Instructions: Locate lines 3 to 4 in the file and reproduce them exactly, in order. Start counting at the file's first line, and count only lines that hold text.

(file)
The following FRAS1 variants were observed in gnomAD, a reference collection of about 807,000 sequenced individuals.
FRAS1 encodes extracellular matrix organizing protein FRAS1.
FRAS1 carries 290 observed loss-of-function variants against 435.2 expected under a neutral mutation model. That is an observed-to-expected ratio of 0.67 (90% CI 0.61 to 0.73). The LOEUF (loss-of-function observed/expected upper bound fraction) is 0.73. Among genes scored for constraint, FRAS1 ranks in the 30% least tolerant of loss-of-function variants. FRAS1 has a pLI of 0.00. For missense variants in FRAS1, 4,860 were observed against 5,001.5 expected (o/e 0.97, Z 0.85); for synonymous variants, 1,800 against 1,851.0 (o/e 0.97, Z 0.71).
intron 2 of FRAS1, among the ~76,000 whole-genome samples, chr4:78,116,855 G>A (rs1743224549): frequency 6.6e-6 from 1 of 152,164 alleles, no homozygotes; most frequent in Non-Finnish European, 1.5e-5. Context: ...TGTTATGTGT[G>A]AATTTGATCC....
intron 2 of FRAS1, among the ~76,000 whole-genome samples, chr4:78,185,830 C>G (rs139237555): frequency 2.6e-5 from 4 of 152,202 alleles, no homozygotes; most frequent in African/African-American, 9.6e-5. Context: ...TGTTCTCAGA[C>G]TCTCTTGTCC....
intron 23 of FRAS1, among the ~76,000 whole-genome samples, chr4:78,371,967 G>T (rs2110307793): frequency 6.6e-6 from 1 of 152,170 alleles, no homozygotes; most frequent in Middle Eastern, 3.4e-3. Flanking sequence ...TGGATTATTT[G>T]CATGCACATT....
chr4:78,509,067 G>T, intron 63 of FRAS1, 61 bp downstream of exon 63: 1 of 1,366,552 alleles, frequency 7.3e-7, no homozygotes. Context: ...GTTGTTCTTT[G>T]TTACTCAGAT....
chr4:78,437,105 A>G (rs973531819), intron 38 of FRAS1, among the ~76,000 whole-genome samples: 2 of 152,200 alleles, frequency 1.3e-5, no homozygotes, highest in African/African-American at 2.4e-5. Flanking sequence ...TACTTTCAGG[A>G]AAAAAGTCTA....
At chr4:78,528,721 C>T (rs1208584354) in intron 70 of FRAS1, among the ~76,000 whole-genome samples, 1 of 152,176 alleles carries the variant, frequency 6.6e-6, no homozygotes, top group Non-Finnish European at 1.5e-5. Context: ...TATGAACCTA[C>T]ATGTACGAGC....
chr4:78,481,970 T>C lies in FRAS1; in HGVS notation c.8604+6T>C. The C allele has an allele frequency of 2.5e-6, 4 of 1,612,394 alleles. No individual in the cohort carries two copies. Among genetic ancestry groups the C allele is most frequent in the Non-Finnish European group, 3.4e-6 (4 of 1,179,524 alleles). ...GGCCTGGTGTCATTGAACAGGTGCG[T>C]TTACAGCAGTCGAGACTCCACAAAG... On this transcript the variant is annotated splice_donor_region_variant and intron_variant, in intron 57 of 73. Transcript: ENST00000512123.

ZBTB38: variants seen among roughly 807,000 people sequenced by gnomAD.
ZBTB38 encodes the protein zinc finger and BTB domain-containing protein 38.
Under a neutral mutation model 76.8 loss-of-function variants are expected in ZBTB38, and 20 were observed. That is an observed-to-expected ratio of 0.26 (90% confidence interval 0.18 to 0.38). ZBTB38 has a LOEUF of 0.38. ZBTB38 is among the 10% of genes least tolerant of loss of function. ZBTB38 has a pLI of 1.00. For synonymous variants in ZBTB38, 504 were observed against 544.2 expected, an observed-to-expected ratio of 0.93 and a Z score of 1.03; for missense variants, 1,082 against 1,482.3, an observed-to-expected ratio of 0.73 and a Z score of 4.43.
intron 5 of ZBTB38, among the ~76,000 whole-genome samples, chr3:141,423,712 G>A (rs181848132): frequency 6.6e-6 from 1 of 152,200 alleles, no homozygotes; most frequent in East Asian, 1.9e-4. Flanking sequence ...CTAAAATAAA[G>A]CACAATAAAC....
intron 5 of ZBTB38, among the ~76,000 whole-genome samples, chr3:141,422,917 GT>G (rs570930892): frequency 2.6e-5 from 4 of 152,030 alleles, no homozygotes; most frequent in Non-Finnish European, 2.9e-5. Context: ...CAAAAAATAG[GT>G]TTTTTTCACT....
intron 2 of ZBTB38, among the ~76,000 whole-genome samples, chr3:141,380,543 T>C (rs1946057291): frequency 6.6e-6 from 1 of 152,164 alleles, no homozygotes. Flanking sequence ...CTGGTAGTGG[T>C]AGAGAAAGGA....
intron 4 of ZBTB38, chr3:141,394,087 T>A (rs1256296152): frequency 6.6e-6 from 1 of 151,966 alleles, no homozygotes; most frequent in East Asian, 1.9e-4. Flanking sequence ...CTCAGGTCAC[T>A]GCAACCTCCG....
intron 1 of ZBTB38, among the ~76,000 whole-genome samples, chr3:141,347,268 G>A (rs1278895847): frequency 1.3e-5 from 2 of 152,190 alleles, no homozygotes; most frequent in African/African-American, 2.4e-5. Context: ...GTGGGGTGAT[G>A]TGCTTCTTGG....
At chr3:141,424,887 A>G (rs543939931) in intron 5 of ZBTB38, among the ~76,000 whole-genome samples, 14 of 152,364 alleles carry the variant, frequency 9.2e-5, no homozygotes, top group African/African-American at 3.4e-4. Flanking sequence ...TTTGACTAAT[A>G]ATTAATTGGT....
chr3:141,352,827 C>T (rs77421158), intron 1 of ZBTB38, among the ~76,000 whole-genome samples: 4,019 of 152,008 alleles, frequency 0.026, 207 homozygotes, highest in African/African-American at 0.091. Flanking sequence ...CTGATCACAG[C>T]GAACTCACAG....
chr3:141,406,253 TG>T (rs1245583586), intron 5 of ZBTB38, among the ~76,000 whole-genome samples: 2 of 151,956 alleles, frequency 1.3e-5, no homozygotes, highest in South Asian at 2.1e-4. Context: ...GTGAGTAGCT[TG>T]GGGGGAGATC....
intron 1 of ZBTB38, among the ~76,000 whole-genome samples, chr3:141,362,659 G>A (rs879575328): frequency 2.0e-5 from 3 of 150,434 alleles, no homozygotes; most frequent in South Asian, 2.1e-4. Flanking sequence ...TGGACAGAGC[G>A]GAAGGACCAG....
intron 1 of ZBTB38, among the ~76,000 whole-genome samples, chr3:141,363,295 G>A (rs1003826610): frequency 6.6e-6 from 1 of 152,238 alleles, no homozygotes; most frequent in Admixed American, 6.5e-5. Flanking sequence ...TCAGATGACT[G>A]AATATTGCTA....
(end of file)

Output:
FRAS1 carries 290 observed loss-of-function variants against 435.2 expected under a neutral mutation model. That is an observed-to-expected ratio of 0.67 (90% CI 0.61 to 0.73). The LOEUF (loss-of-function observed/expected upper bound fraction) is 0.73. Among genes scored for constraint, FRAS1 ranks in the 30% least tolerant of loss-of-function variants. FRAS1 has a pLI of 0.00. For missense variants in FRAS1, 4,860 were observed against 5,001.5 expected (o/e 0.97, Z 0.85); for synonymous variants, 1,800 against 1,851.0 (o/e 0.97, Z 0.71).
intron 2 of FRAS1, among the ~76,000 whole-genome samples, chr4:78,116,855 G>A (rs1743224549): frequency 6.6e-6 from 1 of 152,164 alleles, no homozygotes; most frequent in Non-Finnish European, 1.5e-5. Context: ...TGTTATGTGT[G>A]AATTTGATCC....